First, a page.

Saturday, January 26, 2013

How much does strength matter in learning martial arts?


Let me just call bullshit right off the bat on those people who say size and strength don't matter in martial arts. I cannot speak for all martial arts but I can tell you having competed in or coached judo for 42 years, that damn, I am really old! Well, in addition to that, I can tell you that size matters. Of course a very skilled 110 pound female can beat an out-of-shape unskilled 145 pound male. That same female will get crushed by a very skilled, fit, 145 pound male and that same 145 pound male will get slammed by the 230 pound male.

If Ronda and Julia got in a fight, I would not say size and strength don't matter. I would say, "Ronda! What the hell is wrong with you?! Leave your little sister alone!"

Come to think of it, I'm pretty sure I have said that - about seven hundred times.

Don't even start telling me about Moshi-moshi sensei who won the all-Japan championships in 1928 and only weighed 76 kilos (see, I can do metric weights just like the rest of the world).

A. Even the small people who won the All-Japan championships were significantly larger than the average Japanese person, especially of that time. Random diversion here - even more random than the rest of this blog - there has been a significant increase in height of Japanese people over the past 100 years, as noted in this article from the Asia Pacific Journal of Clinical Nutrition. In other words, Sensei Moshi-Moshi was pretty damn big for the time.

B. Even though there may be an occasional outstanding smaller man beat a much larger man, that is not the way to place your bets. This is why we have weight divisions.

I was wondering about this the other day when I was trying to teach tomoe nage (a circle throw) to one group of students and they were having trouble. The next day, I was trying to teach a matwork move to another group that involved scissoring your legs to lift and turn your opponent, and this group was having trouble.

So, I called up Jim Pedro because I hadn't bothered him recently and asked his opinion,

Do you think that people need a certain level of conditioning before they can do techniques effectively, and that is why some beginners have difficulty? Do you think that maybe it's necessary to say, do exercises to develop leg strength before doing throws that require lifting with your legs?

He said, "No." Well, actually, because he has a funny Boston accent it sounded more like, "No-o."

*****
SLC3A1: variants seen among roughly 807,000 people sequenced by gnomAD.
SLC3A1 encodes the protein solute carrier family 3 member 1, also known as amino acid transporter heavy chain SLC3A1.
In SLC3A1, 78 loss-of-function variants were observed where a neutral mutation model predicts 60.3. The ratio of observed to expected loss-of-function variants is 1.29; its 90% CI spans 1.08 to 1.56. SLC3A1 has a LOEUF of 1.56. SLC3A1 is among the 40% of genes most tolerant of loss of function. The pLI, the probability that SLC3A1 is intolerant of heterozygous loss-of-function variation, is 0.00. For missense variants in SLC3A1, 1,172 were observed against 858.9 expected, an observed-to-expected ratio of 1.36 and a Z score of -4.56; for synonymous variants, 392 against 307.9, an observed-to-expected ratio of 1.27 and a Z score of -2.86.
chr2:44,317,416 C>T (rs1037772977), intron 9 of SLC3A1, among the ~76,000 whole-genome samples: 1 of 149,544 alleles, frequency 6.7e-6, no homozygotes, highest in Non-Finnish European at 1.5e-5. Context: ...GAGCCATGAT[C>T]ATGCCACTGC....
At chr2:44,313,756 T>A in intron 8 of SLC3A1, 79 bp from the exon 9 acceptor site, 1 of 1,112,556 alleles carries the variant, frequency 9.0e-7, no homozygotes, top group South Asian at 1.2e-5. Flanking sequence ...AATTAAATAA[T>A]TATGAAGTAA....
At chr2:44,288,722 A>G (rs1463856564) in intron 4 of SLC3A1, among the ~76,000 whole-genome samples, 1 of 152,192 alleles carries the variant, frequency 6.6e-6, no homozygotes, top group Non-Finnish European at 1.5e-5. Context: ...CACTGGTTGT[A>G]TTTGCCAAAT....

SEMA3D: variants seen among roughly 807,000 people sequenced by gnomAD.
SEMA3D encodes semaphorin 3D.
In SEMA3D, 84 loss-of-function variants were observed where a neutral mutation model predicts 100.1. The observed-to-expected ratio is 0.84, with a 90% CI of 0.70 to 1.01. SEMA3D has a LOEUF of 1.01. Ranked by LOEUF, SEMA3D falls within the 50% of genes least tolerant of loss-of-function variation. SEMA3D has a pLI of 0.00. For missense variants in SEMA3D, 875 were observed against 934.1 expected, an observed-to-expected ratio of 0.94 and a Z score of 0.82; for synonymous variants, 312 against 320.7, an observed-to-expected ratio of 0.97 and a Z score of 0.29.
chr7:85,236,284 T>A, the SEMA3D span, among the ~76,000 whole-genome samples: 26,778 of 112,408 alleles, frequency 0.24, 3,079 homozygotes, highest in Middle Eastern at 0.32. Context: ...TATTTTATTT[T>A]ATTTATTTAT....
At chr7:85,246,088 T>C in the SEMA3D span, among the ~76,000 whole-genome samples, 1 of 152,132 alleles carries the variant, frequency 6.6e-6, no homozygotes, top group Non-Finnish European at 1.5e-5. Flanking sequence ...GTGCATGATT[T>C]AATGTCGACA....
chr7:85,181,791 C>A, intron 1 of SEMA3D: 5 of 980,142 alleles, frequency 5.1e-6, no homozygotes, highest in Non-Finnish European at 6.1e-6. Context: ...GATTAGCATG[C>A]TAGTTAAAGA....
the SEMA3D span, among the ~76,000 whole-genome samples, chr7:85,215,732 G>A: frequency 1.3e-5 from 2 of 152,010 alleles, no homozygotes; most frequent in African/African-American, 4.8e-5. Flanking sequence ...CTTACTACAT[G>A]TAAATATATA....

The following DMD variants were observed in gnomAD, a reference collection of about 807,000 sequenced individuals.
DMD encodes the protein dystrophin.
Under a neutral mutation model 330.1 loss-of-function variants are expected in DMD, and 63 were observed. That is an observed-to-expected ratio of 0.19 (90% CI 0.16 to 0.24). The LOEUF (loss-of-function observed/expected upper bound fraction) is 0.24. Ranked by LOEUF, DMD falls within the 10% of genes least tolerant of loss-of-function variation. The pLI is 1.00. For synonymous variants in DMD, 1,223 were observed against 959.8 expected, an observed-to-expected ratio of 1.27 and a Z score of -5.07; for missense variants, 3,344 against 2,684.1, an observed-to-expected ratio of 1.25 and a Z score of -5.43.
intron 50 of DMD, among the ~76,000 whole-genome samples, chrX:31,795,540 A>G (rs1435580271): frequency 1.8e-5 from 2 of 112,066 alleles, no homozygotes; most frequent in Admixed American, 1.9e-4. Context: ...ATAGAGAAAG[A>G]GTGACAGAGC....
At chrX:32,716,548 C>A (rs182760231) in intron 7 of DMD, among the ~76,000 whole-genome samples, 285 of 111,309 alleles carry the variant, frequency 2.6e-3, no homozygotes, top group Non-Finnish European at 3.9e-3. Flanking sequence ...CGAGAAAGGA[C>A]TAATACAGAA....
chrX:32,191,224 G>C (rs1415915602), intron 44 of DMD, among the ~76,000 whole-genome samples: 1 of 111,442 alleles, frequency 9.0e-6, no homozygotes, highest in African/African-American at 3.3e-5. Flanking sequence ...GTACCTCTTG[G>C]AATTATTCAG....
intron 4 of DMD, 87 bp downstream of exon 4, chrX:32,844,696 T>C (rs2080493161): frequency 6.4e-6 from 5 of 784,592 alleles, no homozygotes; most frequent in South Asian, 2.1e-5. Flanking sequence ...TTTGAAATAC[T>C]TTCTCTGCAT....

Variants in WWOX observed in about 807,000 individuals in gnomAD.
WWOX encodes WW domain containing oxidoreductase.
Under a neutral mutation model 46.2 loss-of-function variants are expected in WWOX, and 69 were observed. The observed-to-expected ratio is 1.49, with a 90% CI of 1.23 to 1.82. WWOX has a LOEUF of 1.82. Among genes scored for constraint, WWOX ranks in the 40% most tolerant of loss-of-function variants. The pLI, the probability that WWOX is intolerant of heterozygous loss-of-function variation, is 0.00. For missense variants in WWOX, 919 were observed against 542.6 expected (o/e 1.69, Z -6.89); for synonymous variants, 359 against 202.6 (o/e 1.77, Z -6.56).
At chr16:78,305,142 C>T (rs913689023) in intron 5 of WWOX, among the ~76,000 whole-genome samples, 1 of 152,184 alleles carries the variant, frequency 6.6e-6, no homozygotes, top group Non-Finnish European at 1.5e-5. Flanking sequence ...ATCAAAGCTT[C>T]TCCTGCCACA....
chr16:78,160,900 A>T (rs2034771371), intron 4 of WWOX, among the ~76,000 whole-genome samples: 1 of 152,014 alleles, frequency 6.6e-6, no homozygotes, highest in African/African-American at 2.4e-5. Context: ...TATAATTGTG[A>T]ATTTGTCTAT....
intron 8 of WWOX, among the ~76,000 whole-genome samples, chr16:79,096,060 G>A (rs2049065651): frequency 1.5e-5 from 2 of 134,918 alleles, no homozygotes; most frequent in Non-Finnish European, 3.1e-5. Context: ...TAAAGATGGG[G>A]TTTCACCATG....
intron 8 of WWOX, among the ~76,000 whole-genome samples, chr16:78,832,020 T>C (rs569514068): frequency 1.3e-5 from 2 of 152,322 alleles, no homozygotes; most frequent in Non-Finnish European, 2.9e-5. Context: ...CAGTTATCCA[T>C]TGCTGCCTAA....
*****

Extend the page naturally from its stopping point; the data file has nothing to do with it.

He brought up that when we were kids, everyone had the same rule,

"Be home when the streetlights go on."

And we were out ten hours a day running, jumping rope, climbing trees and playing in the park.

Now, kids watch vampire shows, play on the Wii and text their friends all day during the summer.  I asked Jim didn't that mean that it would be a good idea to work with them on getting strong enough to actually do the techniques but he thought it was coordination as much or more than strength.

So, his idea was to just have them to do whatever technique it was, a throw, or a turnover, and do lots and lots of repetitions. As they do the repetitions, they'll develop in coordination and strength and they'll learn the technique, too.

Interesting theory and I don't really have any better idea, so I'm going with that for now.

What do you all think?

12 comments:

Al B Here said...

I think that you're on the right track in terms of conditioning being necessary before attempting certain techniques. Have you come across any "judo games" that could disguise the conditioning? The biggest flaw I see with Sensei Pedro's "rep it out" until they develop the necessary coordination and skill is that kids will get bored to death doing rep after rep, unless it's something they think is really cool, and even then, the novelty will wear off.

Royler Gracie once recommended that any new techniques a BJJ player learns should be practiced on a smaller opponent to ensure that the mechanics are mastered as efficiently as possible. As the player gets better, he/she should be gradually matched up with bigger and bigger opponents. I find it considerably easier to work on my throws when dealing with someone smaller than me, but I eventually have to work them on someone my size or a bit bigger (the perils of the O100 kg class) if I ever expect to throw a resisting opponent.

Take all that for what it's worth. I'm a yellow belt in judo and a blue belt in BJJ. What do I know? :)

plam said...

I think repetitions are most efficient, but as Al B Here points out, sometimes kids (or adults!) get bored of repetitions as well.

Anonymous said...

The only people I know that have said that size and strength don't matter in Judo are all +100 Kg.

_Fritz_ said...